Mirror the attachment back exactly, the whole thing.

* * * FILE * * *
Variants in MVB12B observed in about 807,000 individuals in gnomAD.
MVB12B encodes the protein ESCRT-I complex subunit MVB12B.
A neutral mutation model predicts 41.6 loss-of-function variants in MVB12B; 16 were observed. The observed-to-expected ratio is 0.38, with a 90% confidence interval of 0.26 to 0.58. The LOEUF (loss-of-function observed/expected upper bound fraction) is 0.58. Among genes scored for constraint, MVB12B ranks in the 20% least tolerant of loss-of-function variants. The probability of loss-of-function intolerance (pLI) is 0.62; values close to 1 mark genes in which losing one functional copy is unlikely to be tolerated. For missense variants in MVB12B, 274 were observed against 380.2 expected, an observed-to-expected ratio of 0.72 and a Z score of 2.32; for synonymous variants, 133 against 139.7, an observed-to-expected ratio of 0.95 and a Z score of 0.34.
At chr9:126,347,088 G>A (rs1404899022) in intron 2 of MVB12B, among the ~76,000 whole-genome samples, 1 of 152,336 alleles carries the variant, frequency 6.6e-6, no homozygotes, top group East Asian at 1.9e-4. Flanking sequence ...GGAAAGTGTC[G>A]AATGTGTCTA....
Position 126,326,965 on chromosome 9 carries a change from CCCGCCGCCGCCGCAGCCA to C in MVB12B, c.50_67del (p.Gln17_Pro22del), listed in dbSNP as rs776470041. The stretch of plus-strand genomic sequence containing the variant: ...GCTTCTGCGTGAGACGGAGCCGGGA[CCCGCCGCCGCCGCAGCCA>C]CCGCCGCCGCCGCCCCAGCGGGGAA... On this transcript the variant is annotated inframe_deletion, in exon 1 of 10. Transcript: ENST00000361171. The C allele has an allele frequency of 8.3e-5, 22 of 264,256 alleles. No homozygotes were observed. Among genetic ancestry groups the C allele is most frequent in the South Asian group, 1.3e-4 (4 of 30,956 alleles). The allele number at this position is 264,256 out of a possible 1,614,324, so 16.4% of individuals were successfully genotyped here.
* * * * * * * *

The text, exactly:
Variants in MVB12B observed in about 807,000 individuals in gnomAD.
MVB12B encodes the protein ESCRT-I complex subunit MVB12B.
A neutral mutation model predicts 41.6 loss-of-function variants in MVB12B; 16 were observed. The observed-to-expected ratio is 0.38, with a 90% confidence interval of 0.26 to 0.58. The LOEUF (loss-of-function observed/expected upper bound fraction) is 0.58. Among genes scored for constraint, MVB12B ranks in the 20% least tolerant of loss-of-function variants. The probability of loss-of-function intolerance (pLI) is 0.62; values close to 1 mark genes in which losing one functional copy is unlikely to be tolerated. For missense variants in MVB12B, 274 were observed against 380.2 expected, an observed-to-expected ratio of 0.72 and a Z score of 2.32; for synonymous variants, 133 against 139.7, an observed-to-expected ratio of 0.95 and a Z score of 0.34.
At chr9:126,347,088 G>A (rs1404899022) in intron 2 of MVB12B, among the ~76,000 whole-genome samples, 1 of 152,336 alleles carries the variant, frequency 6.6e-6, no homozygotes, top group East Asian at 1.9e-4. Flanking sequence ...GGAAAGTGTC[G>A]AATGTGTCTA....
Position 126,326,965 on chromosome 9 carries a change from CCCGCCGCCGCCGCAGCCA to C in MVB12B, c.50_67del (p.Gln17_Pro22del), listed in dbSNP as rs776470041. The stretch of plus-strand genomic sequence containing the variant: ...GCTTCTGCGTGAGACGGAGCCGGGA[CCCGCCGCCGCCGCAGCCA>C]CCGCCGCCGCCGCCCCAGCGGGGAA... On this transcript the variant is annotated inframe_deletion, in exon 1 of 10. Transcript: ENST00000361171. The C allele has an allele frequency of 8.3e-5, 22 of 264,256 alleles. No homozygotes were observed. Among genetic ancestry groups the C allele is most frequent in the South Asian group, 1.3e-4 (4 of 30,956 alleles). The allele number at this position is 264,256 out of a possible 1,614,324, so 16.4% of individuals were successfully genotyped here.